We will check the range each time we have a new window containing elements from all lists and update if a smaller range is found.

6. Remove Left Boundary Elements: Now, we will attempt to shrink our window:

``````1Moving Left Boundary from 1 to 4:
2Counter after decrement: {1: 0, 0: 1, 2: 1}
3Since the count of number from list 1 is now 0, we remove it, and our window is no longer valid.
4
5We continue this sliding window approach for the rest of the elements.``````

This process will continue until we've exhausted the sorted list.

7. Return Answer: Eventually, after sliding the window over the entire sorted list, we get our smallest range, which is `[1, 5]` in this example.

The final output is the answer range. In this example, the smallest range containing at least one number from each of the `k` lists would be `[1, 5]`. This method ensures we have covered all the lists while keeping the range as small as possible.

## Python Solution

``````1from collections import Counter
2from typing import List
3
4class Solution:
5    def smallestRange(self, nums: List[List[int]]) -> List[int]:
6        # Flatten the list of lists with their originating list's index
7        flat_list = [(value, idx) for idx, sublist in enumerate(nums) for value in sublist]
8        flat_list.sort()  # Sort the list of tuples by the numeric value
9
10        # Counter to maintain the number of times an element from each list appears in the range
11        count = Counter()
12        # Initialize the result with infinity, to find the minimum range later
13        result = [float('-inf'), float('inf')]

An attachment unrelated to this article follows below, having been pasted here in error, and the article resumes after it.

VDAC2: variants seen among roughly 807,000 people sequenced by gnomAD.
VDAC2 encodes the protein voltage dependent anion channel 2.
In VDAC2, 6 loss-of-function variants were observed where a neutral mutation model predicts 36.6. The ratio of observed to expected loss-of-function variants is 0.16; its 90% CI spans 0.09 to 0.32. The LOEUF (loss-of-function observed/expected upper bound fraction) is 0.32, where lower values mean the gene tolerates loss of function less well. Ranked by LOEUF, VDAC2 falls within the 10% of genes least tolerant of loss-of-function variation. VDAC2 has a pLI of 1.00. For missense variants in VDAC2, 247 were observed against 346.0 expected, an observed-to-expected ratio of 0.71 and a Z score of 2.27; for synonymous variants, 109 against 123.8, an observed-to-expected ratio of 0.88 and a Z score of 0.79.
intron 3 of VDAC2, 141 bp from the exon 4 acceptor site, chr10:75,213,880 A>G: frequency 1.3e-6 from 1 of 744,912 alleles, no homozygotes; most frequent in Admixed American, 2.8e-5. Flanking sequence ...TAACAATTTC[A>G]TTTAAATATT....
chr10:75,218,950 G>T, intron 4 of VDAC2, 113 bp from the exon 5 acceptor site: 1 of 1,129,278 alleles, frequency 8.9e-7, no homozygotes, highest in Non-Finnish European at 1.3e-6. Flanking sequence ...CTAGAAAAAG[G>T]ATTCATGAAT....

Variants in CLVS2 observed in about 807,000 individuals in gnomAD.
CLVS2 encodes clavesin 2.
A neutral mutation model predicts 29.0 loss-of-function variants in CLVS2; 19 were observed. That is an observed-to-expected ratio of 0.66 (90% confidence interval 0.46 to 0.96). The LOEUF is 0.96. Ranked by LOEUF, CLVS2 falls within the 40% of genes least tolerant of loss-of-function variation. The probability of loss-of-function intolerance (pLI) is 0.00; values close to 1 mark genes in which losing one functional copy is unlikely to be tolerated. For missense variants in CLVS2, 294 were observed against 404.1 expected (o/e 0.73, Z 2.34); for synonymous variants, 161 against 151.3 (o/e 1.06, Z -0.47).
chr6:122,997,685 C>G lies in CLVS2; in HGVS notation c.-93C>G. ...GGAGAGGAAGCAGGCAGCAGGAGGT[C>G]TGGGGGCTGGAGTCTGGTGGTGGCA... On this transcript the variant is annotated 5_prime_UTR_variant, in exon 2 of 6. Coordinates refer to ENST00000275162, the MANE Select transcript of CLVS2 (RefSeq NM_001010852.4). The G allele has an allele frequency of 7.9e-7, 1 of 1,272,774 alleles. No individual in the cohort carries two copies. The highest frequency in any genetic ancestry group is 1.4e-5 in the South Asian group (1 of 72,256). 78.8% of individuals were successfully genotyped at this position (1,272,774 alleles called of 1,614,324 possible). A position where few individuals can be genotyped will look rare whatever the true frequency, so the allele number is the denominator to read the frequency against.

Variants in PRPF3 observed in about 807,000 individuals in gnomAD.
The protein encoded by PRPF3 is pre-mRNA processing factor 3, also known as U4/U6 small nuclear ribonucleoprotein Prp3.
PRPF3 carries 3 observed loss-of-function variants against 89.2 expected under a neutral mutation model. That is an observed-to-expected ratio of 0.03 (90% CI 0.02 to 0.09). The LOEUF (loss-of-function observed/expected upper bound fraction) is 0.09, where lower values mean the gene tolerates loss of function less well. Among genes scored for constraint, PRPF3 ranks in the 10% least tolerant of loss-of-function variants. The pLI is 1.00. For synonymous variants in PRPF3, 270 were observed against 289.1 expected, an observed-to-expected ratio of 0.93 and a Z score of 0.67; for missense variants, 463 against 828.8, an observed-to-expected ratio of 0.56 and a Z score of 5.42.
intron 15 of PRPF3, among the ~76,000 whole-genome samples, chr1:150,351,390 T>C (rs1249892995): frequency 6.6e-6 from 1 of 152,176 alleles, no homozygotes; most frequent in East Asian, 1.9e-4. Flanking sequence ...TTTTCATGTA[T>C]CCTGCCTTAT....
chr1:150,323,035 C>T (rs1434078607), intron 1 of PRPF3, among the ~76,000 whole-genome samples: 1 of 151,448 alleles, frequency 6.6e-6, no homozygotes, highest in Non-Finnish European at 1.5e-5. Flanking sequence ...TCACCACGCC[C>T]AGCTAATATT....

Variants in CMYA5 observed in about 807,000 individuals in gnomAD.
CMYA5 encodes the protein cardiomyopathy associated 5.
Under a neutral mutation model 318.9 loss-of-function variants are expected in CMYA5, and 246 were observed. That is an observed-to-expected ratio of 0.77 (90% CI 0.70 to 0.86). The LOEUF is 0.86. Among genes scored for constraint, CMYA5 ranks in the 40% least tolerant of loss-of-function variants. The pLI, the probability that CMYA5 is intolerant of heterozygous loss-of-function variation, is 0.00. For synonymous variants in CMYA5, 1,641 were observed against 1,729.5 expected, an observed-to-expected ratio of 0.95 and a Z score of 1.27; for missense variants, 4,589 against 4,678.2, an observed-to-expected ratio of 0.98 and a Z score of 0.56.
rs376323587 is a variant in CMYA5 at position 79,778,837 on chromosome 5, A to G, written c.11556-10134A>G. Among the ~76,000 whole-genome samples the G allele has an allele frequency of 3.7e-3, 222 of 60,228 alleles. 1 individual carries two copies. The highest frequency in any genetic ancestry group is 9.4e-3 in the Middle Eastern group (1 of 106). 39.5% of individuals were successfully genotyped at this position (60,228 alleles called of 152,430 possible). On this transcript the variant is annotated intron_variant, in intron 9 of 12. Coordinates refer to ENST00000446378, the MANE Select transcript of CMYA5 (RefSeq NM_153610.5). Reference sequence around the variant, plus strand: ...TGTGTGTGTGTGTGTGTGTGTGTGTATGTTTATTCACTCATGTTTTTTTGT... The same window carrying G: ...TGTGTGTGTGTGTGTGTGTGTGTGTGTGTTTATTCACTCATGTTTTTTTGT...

14        # Pointer to iterate the flattened list
15        pointer = 0
16
17        # Iterate through the flattened and sorted list
18        for right_value, origin_list_index in flat_list:
19            # Increase the count for the current list index
20            count[origin_list_index] += 1
21
22            # If the current range includes at least one element from each list
23            while len(count) == len(nums):
24                # Get the left bound of the current range
25                left_value = flat_list[pointer]
26                # Calculate the size difference from the best range found so far
27                size_difference = right_value - left_value - (result - result)
28                # Update the result if the current range is smaller, or equally small but starting with a smaller value
29                if size_difference < 0 or (size_difference == 0 and left_value < result):
30                    result = [left_value, right_value]
31                # Get the list index of the left bound of the current range
32                left_origin_index = flat_list[pointer]
33                # Decrease the count for this list index
34                count[left_origin_index] -= 1
35                # If count reaches zero, it means we no longer have an element from this list in range
36                if count[left_origin_index] == 0:
37                    # Remove it from count
38                    count.pop(left_origin_index)
39                # Move the left pointer forward
40                pointer += 1
41
42        # Return the final smallest range found
43        return result
44``````